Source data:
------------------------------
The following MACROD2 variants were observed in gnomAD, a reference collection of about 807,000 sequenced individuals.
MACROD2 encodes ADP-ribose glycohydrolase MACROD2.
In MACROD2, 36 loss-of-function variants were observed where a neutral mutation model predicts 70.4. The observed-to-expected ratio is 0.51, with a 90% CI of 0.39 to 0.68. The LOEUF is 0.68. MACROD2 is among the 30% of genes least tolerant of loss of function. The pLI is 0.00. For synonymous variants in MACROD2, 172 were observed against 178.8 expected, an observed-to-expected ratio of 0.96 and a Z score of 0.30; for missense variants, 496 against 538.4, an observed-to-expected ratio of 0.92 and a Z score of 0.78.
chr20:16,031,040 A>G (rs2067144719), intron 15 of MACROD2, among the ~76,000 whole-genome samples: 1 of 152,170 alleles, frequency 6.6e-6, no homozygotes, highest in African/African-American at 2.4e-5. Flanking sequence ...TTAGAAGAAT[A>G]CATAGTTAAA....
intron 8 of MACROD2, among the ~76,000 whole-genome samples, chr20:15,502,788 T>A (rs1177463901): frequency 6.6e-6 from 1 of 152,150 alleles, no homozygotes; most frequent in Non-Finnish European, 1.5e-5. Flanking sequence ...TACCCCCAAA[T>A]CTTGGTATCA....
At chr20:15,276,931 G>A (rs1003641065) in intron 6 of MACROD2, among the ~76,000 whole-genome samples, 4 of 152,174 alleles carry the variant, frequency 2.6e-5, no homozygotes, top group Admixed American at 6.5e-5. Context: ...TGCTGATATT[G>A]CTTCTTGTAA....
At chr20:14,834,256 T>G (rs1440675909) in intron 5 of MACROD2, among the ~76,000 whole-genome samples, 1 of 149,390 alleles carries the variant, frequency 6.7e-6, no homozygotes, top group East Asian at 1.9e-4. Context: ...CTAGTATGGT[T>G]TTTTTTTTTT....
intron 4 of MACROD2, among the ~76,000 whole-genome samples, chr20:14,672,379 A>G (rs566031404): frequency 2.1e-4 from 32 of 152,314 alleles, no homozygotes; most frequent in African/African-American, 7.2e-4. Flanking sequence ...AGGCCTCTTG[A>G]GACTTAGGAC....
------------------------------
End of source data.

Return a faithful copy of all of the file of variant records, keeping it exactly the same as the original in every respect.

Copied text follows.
The following MACROD2 variants were observed in gnomAD, a reference collection of about 807,000 sequenced individuals.
MACROD2 encodes ADP-ribose glycohydrolase MACROD2.
In MACROD2, 36 loss-of-function variants were observed where a neutral mutation model predicts 70.4. The observed-to-expected ratio is 0.51, with a 90% CI of 0.39 to 0.68. The LOEUF is 0.68. MACROD2 is among the 30% of genes least tolerant of loss of function. The pLI is 0.00. For synonymous variants in MACROD2, 172 were observed against 178.8 expected, an observed-to-expected ratio of 0.96 and a Z score of 0.30; for missense variants, 496 against 538.4, an observed-to-expected ratio of 0.92 and a Z score of 0.78.
chr20:16,031,040 A>G (rs2067144719), intron 15 of MACROD2, among the ~76,000 whole-genome samples: 1 of 152,170 alleles, frequency 6.6e-6, no homozygotes, highest in African/African-American at 2.4e-5. Flanking sequence ...TTAGAAGAAT[A>G]CATAGTTAAA....
intron 8 of MACROD2, among the ~76,000 whole-genome samples, chr20:15,502,788 T>A (rs1177463901): frequency 6.6e-6 from 1 of 152,150 alleles, no homozygotes; most frequent in Non-Finnish European, 1.5e-5. Flanking sequence ...TACCCCCAAA[T>A]CTTGGTATCA....
At chr20:15,276,931 G>A (rs1003641065) in intron 6 of MACROD2, among the ~76,000 whole-genome samples, 4 of 152,174 alleles carry the variant, frequency 2.6e-5, no homozygotes, top group Admixed American at 6.5e-5. Context: ...TGCTGATATT[G>A]CTTCTTGTAA....
At chr20:14,834,256 T>G (rs1440675909) in intron 5 of MACROD2, among the ~76,000 whole-genome samples, 1 of 149,390 alleles carries the variant, frequency 6.7e-6, no homozygotes, top group East Asian at 1.9e-4. Context: ...CTAGTATGGT[T>G]TTTTTTTTTT....
intron 4 of MACROD2, among the ~76,000 whole-genome samples, chr20:14,672,379 A>G (rs566031404): frequency 2.1e-4 from 32 of 152,314 alleles, no homozygotes; most frequent in African/African-American, 7.2e-4. Flanking sequence ...AGGCCTCTTG[A>G]GACTTAGGAC....